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Thread: what is negligence ? What are its different theories

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    Theories Of Negligence
    Q what is negligence ? What are its different theories ? Discuss in detail. (2003) (2003/S) (2002) (2001) (2004/A) (2005/A)
    Q What are subjective and objective theories of negligence? (1995) (1993)

    1. Introduction:

    Negligence in the breath of duty to take care. It is carelessness in a matter in which carefulness is made obligatory by law. It essentially consists in the mental attitude of under indifference with respect to one ‘s conduct and its consequences whenever a person is under a duty to take care, he is bound to take that amount of care which is considered reasonable under the circumstances.

    1. Definition Of Negligence:

    (I) According To Salmond:
    “Negligence is the state of mind of under indifference towards one ‘s conduct and its consequences.”
    (II) According To Wiles:
    “Negligence is the absence of such care as it was the duty of the defendant to use.”
    (III) According To Austin:
    “Negligence is the breach by omission of a positive duty.
    (IV) According To Clark:
    “Negligence is the omission to take such care under the circumstances it is the legal duty of a person to take it is in a no sense a positive idea and has nothing to do with a state of mind.”

    1. Kinds of Negligence:

    Negligence is of two kinds:
    (i) Advertent Negligence
    (ii) Inadvertent Negligence
    (I) Advertent:
    It is commonly called willful negligence or recklessness. In this case, the harm done is foreseen as probable but in not willed. E. g . rash driving on a road.
    (II) Inadvertent Negligence:
    Inadvertent negligence can be called simple negligence. In this case, the harm done is neither foreseen nor willed e. g. a drunkard is walking along the road and he breaks a shop window as he knocks against the same.
    (i) Negligence and Inadvertence:
    According to some jurists, all negligence consists in inadvertence. An act is done negligently when the done did not know that the act was wrong but could have found out if he had tried to do so.
    Criticism by Salmond:
    Saimond raises two objections against this view.
    a. All Negligence is Not Inadvertent:
    According to slmound, all negligence is not inadvertent. Even if a thing is known to be wrong, I may do the same with he hope that it will not result in e. g . driving a fast car though a crowded street.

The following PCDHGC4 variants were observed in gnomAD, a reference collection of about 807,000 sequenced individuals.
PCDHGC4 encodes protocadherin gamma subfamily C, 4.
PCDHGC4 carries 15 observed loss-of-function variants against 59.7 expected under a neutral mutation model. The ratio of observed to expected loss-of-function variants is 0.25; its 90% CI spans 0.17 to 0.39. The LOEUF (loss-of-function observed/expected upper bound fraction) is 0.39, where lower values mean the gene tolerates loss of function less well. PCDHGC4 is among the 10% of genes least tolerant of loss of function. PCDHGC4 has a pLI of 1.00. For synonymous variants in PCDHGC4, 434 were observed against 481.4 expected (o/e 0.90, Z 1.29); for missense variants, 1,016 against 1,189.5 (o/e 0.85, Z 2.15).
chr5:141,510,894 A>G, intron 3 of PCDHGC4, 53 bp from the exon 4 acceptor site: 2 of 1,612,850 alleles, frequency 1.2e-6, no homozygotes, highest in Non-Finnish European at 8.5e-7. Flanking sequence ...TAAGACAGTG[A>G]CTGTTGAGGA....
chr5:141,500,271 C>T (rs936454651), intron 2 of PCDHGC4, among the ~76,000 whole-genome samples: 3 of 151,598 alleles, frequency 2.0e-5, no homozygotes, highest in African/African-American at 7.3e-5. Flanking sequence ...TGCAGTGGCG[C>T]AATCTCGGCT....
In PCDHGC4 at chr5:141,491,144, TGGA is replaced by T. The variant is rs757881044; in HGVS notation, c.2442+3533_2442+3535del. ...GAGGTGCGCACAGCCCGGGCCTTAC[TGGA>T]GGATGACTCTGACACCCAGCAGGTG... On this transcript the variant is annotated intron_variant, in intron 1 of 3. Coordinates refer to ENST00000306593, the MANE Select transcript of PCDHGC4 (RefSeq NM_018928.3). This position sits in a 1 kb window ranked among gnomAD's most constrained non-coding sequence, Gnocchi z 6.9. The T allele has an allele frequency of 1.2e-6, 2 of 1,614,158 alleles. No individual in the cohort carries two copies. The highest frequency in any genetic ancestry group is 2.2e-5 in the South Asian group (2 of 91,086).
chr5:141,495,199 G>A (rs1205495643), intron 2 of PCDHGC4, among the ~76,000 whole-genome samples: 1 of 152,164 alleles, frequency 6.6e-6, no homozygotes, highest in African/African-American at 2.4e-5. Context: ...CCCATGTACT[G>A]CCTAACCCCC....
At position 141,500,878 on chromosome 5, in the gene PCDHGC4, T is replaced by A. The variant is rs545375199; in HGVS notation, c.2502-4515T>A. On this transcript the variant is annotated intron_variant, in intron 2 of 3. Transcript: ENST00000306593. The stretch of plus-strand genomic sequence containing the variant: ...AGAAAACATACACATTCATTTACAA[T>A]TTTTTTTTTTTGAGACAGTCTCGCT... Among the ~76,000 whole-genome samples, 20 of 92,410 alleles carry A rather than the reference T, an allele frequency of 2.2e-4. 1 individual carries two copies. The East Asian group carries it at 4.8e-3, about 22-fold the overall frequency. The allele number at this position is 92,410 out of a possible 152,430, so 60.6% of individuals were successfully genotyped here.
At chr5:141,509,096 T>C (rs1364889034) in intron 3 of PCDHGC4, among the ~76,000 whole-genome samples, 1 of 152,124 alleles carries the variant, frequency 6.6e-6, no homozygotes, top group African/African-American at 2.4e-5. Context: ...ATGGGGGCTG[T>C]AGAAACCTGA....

b. All Inadvertence is Not Negligence:
    According to Salmond, all inadvertence in not Negligence. I can not negligent if I take full care which can reasonably be expected under the circumstances.

    1. Culpable Negligence:

    Carelessness become culpable when law imposes a duty of being careful. While measuring a degree of carelssness two things are taken into consideration and those are the degree of the seriousness of the consequences possible and the extent to which those consequences were probable.
    (I) Duty Of Care:
    It was thought at one time that there was not such thing in civil law as a legal duty to take care and therefore as such legal duty to the plaintiff by the defendant.
    Salmond ‘s View:
    In general , we may say that whenever an act would be a civil wrong if done intentionally it is also a civil wrong if done negligently. When there is a legal duty not do a thing on purpose, there is commonly a legal duty to take care not to do it accidentally. No general principle can be jaid down as to the existence of this duty for it is a by brid compounded of an element of law and an element of fact.
    Donoghue vs Stevenson :
    A manufacture of ginger beer sold to a retailer ginger been in bottle which contained the decomposed remains of a dead snail that fact was not known to the manufacture.
    It was held that the manufacture owed a duty to take care that bottle did not contain any noxious matter and he was liable if the duty was broken.
    (II) Standard Of Care:
    According to Salmond ,English law recognizes only one standard of care and only one degree of negligence . when ever a person is under a duty to take care at all, he is bound to take that amount of it which is considered reasonable under the circumstances and the absence of which is culpable negligence.